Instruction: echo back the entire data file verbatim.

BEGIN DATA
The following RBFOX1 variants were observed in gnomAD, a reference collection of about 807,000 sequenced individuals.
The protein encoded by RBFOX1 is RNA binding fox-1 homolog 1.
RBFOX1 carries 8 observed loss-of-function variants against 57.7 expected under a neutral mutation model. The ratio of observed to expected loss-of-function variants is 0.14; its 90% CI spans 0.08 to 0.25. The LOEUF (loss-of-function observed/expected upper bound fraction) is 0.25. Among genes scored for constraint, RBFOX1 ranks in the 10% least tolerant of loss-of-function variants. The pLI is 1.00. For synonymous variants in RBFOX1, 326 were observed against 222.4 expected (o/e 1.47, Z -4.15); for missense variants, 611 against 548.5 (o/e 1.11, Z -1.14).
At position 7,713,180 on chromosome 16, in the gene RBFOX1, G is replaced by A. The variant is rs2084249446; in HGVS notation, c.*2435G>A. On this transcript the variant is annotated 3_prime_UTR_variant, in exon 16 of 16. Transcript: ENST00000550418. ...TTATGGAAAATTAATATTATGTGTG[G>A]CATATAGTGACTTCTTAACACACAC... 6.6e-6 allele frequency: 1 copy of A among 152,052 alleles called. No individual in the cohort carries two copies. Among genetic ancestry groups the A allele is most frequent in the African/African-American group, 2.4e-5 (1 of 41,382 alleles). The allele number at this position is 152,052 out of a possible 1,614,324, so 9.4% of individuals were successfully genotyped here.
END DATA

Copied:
The following RBFOX1 variants were observed in gnomAD, a reference collection of about 807,000 sequenced individuals.
The protein encoded by RBFOX1 is RNA binding fox-1 homolog 1.
RBFOX1 carries 8 observed loss-of-function variants against 57.7 expected under a neutral mutation model. The ratio of observed to expected loss-of-function variants is 0.14; its 90% CI spans 0.08 to 0.25. The LOEUF (loss-of-function observed/expected upper bound fraction) is 0.25. Among genes scored for constraint, RBFOX1 ranks in the 10% least tolerant of loss-of-function variants. The pLI is 1.00. For synonymous variants in RBFOX1, 326 were observed against 222.4 expected (o/e 1.47, Z -4.15); for missense variants, 611 against 548.5 (o/e 1.11, Z -1.14).
At position 7,713,180 on chromosome 16, in the gene RBFOX1, G is replaced by A. The variant is rs2084249446; in HGVS notation, c.*2435G>A. On this transcript the variant is annotated 3_prime_UTR_variant, in exon 16 of 16. Transcript: ENST00000550418. ...TTATGGAAAATTAATATTATGTGTG[G>A]CATATAGTGACTTCTTAACACACAC... 6.6e-6 allele frequency: 1 copy of A among 152,052 alleles called. No individual in the cohort carries two copies. Among genetic ancestry groups the A allele is most frequent in the African/African-American group, 2.4e-5 (1 of 41,382 alleles). The allele number at this position is 152,052 out of a possible 1,614,324, so 9.4% of individuals were successfully genotyped here.